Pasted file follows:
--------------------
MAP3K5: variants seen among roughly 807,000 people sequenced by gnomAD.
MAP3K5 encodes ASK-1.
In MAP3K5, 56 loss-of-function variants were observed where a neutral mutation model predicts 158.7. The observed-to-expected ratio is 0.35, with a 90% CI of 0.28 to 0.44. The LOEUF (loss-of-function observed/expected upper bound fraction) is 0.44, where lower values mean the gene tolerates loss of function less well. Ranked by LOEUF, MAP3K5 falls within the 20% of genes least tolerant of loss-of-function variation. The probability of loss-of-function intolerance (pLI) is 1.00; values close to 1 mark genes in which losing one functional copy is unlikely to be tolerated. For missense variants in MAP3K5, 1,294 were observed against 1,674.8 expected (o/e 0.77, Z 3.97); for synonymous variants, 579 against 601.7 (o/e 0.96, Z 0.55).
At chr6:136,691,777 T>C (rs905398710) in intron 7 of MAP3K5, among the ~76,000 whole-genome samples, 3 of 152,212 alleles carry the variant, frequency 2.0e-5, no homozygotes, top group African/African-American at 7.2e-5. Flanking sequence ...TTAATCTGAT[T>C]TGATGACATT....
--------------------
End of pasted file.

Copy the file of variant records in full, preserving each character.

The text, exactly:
MAP3K5: variants seen among roughly 807,000 people sequenced by gnomAD.
MAP3K5 encodes ASK-1.
In MAP3K5, 56 loss-of-function variants were observed where a neutral mutation model predicts 158.7. The observed-to-expected ratio is 0.35, with a 90% CI of 0.28 to 0.44. The LOEUF (loss-of-function observed/expected upper bound fraction) is 0.44, where lower values mean the gene tolerates loss of function less well. Ranked by LOEUF, MAP3K5 falls within the 20% of genes least tolerant of loss-of-function variation. The probability of loss-of-function intolerance (pLI) is 1.00; values close to 1 mark genes in which losing one functional copy is unlikely to be tolerated. For missense variants in MAP3K5, 1,294 were observed against 1,674.8 expected (o/e 0.77, Z 3.97); for synonymous variants, 579 against 601.7 (o/e 0.96, Z 0.55).
At chr6:136,691,777 T>C (rs905398710) in intron 7 of MAP3K5, among the ~76,000 whole-genome samples, 3 of 152,212 alleles carry the variant, frequency 2.0e-5, no homozygotes, top group African/African-American at 7.2e-5. Flanking sequence ...TTAATCTGAT[T>C]TGATGACATT....